In 2016, the incoming Trump Administration stated its intention to reduce substantially federal environmental regulation. The president issued executive orders requiring two rule repeals for each new rule and directing the reorganization of the U.S. Environmental Protection Agency (EPA). He also carried through on promises to announce the country’s withdrawal from the Paris Climate Accords and to reverse the Obama Administration’s controversial Waters of the U.S. Rule.

Now, the incoming Biden Administration has stated its intention to adopt a number of measures to address climate change, many of which entail reversing Trump Administration regulatory changes, either to the original or to some updated form. And even beyond those priorities, many commentators, including our podcast, our Government Law and Policy colleagues, and the New York Times have observed that the Biden Administration may roll back its predecessor’s environmental regulatory rollbacks much more broadly.

Four years ago, we advised at a webinar convened to discuss the incoming Trump Administration that the federal government was large and full of inertia and that changing environmental rules would be difficult and time-consuming. That remains true: rolling back regulations is uphill in both directions.

The Biden Administration, however, faces unique challenges to its regulatory agenda that the outgoing administration did not. Since fiscal year 2010, the EPA has lost more than 26% of its budget and 18% of its personnel. The Trump Administration retrenched the agency’s Science Advisory Board, reorganized broad swaths of the agency’s enforcement and program offices, and proposed profound changes to the civil service personnel system; many senior managers have either retired early or left the agency for the private sector. Calls to provide new resources to EPA will compete with COVID-19 response and economic relief.

The loss of institutional knowledge and bureaucratic skill makes bold change more challenging. After all, regulatory changes generally have to be adopted with all the procedure and formality of an initial rule adoption, whether they repeal or merely reinstate an old rule. And each change is subject to judicial review; it cannot be arbitrary, capricious, or contrary to law.

Courts recognize that elections have consequences, and a non-arbitrary shift in policy can justify a change in a rule. But an election itself is a less-ready justification for a change in the factual determinations underlying a rulemaking. In order to change factual findings, the agency typically requires additional evidence on which to base them.

The Trump Administration repealed or amended more than a hundred environmental rules. Many of those changes were the subject of litigation brought by opponents to the change, typically states and environmental advocacy groups. Much of that litigation remains pending. Any change in rules will likely reshuffle the parties or moot existing cases and induce a subsequent challenge to the Biden rulemaking.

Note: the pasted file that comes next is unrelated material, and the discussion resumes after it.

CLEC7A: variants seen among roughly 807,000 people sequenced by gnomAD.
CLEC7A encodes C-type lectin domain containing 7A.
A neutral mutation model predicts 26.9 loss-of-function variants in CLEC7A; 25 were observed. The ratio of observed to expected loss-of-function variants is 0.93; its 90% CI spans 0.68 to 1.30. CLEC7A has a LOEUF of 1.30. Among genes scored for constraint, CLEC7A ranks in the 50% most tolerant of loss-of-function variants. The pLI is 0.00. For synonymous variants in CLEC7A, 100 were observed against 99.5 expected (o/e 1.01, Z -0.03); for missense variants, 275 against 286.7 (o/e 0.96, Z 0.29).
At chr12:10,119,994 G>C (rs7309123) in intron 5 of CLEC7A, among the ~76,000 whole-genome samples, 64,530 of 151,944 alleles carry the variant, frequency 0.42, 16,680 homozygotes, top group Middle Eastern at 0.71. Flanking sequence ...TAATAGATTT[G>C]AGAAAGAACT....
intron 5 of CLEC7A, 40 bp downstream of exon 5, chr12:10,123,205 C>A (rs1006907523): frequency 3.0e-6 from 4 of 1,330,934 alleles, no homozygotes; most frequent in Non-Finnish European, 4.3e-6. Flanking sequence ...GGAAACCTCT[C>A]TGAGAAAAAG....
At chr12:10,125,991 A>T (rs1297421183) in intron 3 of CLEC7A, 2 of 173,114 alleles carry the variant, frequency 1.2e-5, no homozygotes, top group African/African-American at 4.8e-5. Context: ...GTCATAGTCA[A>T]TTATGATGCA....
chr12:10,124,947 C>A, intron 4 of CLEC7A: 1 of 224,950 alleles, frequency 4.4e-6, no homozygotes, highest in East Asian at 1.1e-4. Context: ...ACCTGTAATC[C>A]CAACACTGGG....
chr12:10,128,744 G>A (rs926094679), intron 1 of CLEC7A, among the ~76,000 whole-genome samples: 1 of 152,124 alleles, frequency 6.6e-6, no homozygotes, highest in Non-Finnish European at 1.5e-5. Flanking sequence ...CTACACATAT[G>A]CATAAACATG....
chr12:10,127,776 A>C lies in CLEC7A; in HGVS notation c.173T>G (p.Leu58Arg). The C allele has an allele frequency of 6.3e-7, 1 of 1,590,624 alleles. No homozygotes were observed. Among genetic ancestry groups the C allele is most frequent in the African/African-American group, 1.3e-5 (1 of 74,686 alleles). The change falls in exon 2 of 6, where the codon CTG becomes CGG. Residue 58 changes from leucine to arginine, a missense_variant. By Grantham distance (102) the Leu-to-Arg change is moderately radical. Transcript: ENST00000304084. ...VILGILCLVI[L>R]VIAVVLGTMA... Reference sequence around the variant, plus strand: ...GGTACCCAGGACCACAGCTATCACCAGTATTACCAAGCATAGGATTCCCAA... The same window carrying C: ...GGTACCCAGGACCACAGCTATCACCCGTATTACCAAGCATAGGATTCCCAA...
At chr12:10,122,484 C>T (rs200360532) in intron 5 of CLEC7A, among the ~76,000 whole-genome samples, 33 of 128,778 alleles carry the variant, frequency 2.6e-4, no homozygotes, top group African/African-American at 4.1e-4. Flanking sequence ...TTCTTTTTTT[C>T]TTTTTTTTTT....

The reinstitution of environmental regulation will be complicated, time-consuming, and litigated, just like the last four years of deconstruction have been. That poses uncertainty for regulated entities, but also multiple opportunities to influence the form of any new rules. The specific complexities are different for different changes, but look for actions in the areas of:

  • climate change mitigation (reducing greenhouse gas emissions at sources and encouraging use of renewable fuels and power);
  • climate change adaptation (moving infrastructure, increasing resilience, and so forth);
  • the ongoing battle over the definition of Waters of the United States;
  • environmental review, both general review under the National Environmental Policy Act generally, including re-visiting the recently promulgated re-write of the NEPA regulations, and specific reviews like state issuance of water quality certifications under section 401 of the Clean Water Act, also the subject of recent rulemaking;
  • regulation of cars and trucks under the Clean Air Act (such as reissuance of the “California waiver”);
  • regulation of extractive industries (such as methane emissions from oil and gas operations, changes in leasing, and so forth);
  • regulation of the management of coal combustion residuals;
  • chemical and pesticide regulation, including regulation of nanotechnology; and
  • jurisdictional issues such as the Clean Air Act aggregation policy.

Rollbacks are somewhat easier when they merely involve issues of priorities and funding. Some approvals might move faster and some slower. For example, many believe that a Biden Bureau of Ocean Energy Management will review projects more quickly. Further, many expect a flurry of executive orders in the first weeks of the administration directed at, among other things, slowing or withdrawing rules that are not yet final.

So, stay tuned, and stay engaged if you would like to enhance your opportunity to influence the outcome.